Last Friday I looked at Vinoth Ramachandra’s account of multicentred world history and postcolonial criticism, and pointed out his emphasis on the need to specify and honour context. This is part of what inspires his diverse series of theological reflections.
Many of these are about renovating how we as (Western) Christians see the world.
‘The “we” in Christian speech always arises out of local contexts,’ says Ramachandra, ‘but it is disciplined by our belonging to the global body of Christ’ (loc 4506).
The explosion of majority world Christianities may largely have been ignored in postcolonial discussion, but we need to take it seriously. To characterise ‘Christian’ as European/foreign/English-speaking is exactly the sort of polarised thinking we should be overcoming.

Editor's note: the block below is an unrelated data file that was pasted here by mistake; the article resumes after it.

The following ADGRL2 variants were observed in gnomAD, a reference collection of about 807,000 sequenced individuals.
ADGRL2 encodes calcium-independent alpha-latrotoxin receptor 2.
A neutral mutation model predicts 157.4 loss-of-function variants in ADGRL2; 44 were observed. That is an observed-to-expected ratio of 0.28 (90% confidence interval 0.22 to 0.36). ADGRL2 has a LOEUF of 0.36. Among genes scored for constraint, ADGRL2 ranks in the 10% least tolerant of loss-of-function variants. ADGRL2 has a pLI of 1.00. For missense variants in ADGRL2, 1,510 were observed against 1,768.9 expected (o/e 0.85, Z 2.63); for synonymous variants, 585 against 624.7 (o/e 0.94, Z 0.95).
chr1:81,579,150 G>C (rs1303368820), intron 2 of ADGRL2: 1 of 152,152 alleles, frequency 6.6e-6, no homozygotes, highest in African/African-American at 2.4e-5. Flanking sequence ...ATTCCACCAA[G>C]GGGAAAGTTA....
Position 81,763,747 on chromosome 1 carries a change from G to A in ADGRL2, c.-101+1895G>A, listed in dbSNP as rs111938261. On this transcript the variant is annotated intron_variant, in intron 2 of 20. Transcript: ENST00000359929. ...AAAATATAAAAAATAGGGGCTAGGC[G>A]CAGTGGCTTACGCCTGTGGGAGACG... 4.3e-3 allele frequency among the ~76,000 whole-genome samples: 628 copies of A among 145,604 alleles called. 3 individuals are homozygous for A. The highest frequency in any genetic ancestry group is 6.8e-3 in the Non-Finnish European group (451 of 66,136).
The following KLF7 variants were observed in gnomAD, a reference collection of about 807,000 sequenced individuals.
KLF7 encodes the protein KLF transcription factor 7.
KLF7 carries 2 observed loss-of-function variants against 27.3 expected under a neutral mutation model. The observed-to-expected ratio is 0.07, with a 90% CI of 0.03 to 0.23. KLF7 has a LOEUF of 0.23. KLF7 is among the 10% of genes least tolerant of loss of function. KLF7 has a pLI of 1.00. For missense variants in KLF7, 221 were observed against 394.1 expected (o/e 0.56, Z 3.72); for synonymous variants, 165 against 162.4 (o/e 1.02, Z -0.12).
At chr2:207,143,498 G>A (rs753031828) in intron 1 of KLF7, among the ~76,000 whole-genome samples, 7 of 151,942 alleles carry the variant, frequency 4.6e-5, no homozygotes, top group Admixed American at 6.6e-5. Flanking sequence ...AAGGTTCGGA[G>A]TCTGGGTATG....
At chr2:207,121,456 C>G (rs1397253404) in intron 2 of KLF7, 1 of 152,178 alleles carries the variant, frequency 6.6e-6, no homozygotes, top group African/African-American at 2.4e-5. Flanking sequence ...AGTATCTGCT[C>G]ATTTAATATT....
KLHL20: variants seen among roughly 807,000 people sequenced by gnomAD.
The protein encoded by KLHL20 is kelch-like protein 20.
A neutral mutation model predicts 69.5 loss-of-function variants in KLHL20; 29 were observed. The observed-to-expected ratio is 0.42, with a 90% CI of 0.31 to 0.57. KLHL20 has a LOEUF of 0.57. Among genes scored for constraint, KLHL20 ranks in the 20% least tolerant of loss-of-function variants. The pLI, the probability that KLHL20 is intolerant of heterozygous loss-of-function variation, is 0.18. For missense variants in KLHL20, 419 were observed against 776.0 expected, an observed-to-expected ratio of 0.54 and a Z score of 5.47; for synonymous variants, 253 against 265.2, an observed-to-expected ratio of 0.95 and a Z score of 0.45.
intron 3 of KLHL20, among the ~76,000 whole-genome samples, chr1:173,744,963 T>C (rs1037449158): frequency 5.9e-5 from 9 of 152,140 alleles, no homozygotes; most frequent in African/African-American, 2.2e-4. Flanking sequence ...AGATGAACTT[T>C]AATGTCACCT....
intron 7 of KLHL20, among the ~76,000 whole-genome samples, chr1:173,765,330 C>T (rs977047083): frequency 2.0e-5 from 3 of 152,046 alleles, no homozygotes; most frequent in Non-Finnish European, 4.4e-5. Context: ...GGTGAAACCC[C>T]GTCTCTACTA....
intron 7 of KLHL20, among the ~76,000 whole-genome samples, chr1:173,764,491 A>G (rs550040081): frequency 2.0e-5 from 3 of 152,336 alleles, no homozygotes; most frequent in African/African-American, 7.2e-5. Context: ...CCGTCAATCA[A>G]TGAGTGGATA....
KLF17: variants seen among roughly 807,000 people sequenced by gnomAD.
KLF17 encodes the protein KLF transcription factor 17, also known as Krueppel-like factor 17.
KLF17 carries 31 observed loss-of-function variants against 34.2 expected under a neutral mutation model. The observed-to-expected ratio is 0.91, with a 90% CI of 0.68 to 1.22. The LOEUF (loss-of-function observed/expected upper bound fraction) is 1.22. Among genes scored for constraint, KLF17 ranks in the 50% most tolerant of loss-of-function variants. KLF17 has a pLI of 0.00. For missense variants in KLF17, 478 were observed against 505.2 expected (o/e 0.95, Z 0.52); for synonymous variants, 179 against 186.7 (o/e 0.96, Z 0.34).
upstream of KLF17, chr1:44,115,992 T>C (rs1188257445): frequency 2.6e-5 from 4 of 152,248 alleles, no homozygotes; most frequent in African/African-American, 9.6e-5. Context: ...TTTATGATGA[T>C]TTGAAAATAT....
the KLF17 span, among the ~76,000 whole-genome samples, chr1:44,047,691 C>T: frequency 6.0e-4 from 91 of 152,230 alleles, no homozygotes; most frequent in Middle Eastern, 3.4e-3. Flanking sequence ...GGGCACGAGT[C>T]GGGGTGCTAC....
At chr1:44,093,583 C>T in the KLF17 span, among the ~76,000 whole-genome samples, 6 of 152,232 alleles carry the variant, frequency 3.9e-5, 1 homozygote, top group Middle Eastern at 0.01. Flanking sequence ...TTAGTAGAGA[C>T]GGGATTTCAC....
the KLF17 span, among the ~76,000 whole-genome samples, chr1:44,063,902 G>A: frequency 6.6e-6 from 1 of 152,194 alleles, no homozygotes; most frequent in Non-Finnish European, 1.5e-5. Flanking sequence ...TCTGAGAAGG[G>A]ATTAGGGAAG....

That means we must acknowledge context. ‘Our social location shapes our speech.’ Prejudices and bias can and must be recognised, although not escaped. Theology isn’t just about what’s being said but who’s saying it and how others are hearing it.
And that means all theologies are contextual — including those of our European heritage. David Bosch has called missiology ‘the theological institution’s “department of foreign affairs”, dealing with the exotic but at the same time peripheral’. But instead of only trying to reform missiology, we must consider what it would mean to give majority world Christianities a genuine place at the table. Are we prepared to have their voices as conversation partners in every theology classroom?
The way we become truly global Christians is by seriously engaging with our local contexts as members of a global community that has redefined our identities and interests. (loc 4742)
This will not be an easy task, partly just because majority world theologies are typically a far cry from the elite, English-speaking academic world. We must account for orality/oralature and, as this recent book review highlights, the grassroots.
Arthur Davis is an Aussie living in Tanzania, writing at meetjesusatuni.com.